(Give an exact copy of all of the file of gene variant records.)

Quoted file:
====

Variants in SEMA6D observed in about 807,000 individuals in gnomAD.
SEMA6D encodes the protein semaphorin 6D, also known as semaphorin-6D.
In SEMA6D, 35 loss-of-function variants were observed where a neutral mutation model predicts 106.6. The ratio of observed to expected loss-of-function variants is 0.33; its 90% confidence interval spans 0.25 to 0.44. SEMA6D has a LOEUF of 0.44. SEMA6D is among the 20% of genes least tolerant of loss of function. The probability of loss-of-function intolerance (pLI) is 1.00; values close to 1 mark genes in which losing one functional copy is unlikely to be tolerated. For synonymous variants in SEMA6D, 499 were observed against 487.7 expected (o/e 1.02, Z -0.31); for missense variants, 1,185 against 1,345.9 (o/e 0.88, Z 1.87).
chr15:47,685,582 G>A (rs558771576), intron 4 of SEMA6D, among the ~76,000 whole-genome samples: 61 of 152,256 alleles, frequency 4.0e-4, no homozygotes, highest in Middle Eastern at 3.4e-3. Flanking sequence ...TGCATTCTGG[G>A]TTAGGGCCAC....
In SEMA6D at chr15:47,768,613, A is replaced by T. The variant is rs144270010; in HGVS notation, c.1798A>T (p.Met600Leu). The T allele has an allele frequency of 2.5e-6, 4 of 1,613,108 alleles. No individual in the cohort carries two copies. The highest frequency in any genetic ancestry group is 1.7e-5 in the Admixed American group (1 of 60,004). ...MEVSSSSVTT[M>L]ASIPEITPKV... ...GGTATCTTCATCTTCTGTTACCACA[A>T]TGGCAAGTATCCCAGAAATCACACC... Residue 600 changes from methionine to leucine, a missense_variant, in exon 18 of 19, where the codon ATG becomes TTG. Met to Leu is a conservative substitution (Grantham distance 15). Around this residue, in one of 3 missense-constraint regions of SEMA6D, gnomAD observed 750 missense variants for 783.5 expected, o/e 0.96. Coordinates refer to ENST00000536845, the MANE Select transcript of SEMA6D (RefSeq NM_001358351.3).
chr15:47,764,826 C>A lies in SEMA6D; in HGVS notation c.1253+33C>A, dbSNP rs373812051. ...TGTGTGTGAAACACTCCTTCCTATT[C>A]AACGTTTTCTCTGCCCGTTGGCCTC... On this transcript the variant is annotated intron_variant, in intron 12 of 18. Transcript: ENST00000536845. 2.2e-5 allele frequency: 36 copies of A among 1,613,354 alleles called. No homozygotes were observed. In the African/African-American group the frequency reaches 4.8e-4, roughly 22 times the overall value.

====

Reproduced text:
Variants in SEMA6D observed in about 807,000 individuals in gnomAD.
SEMA6D encodes the protein semaphorin 6D, also known as semaphorin-6D.
In SEMA6D, 35 loss-of-function variants were observed where a neutral mutation model predicts 106.6. The ratio of observed to expected loss-of-function variants is 0.33; its 90% confidence interval spans 0.25 to 0.44. SEMA6D has a LOEUF of 0.44. SEMA6D is among the 20% of genes least tolerant of loss of function. The probability of loss-of-function intolerance (pLI) is 1.00; values close to 1 mark genes in which losing one functional copy is unlikely to be tolerated. For synonymous variants in SEMA6D, 499 were observed against 487.7 expected (o/e 1.02, Z -0.31); for missense variants, 1,185 against 1,345.9 (o/e 0.88, Z 1.87).
chr15:47,685,582 G>A (rs558771576), intron 4 of SEMA6D, among the ~76,000 whole-genome samples: 61 of 152,256 alleles, frequency 4.0e-4, no homozygotes, highest in Middle Eastern at 3.4e-3. Flanking sequence ...TGCATTCTGG[G>A]TTAGGGCCAC....
In SEMA6D at chr15:47,768,613, A is replaced by T. The variant is rs144270010; in HGVS notation, c.1798A>T (p.Met600Leu). The T allele has an allele frequency of 2.5e-6, 4 of 1,613,108 alleles. No individual in the cohort carries two copies. The highest frequency in any genetic ancestry group is 1.7e-5 in the Admixed American group (1 of 60,004). ...MEVSSSSVTT[M>L]ASIPEITPKV... ...GGTATCTTCATCTTCTGTTACCACA[A>T]TGGCAAGTATCCCAGAAATCACACC... Residue 600 changes from methionine to leucine, a missense_variant, in exon 18 of 19, where the codon ATG becomes TTG. Met to Leu is a conservative substitution (Grantham distance 15). Around this residue, in one of 3 missense-constraint regions of SEMA6D, gnomAD observed 750 missense variants for 783.5 expected, o/e 0.96. Coordinates refer to ENST00000536845, the MANE Select transcript of SEMA6D (RefSeq NM_001358351.3).
chr15:47,764,826 C>A lies in SEMA6D; in HGVS notation c.1253+33C>A, dbSNP rs373812051. ...TGTGTGTGAAACACTCCTTCCTATT[C>A]AACGTTTTCTCTGCCCGTTGGCCTC... On this transcript the variant is annotated intron_variant, in intron 12 of 18. Transcript: ENST00000536845. 2.2e-5 allele frequency: 36 copies of A among 1,613,354 alleles called. No homozygotes were observed. In the African/African-American group the frequency reaches 4.8e-4, roughly 22 times the overall value.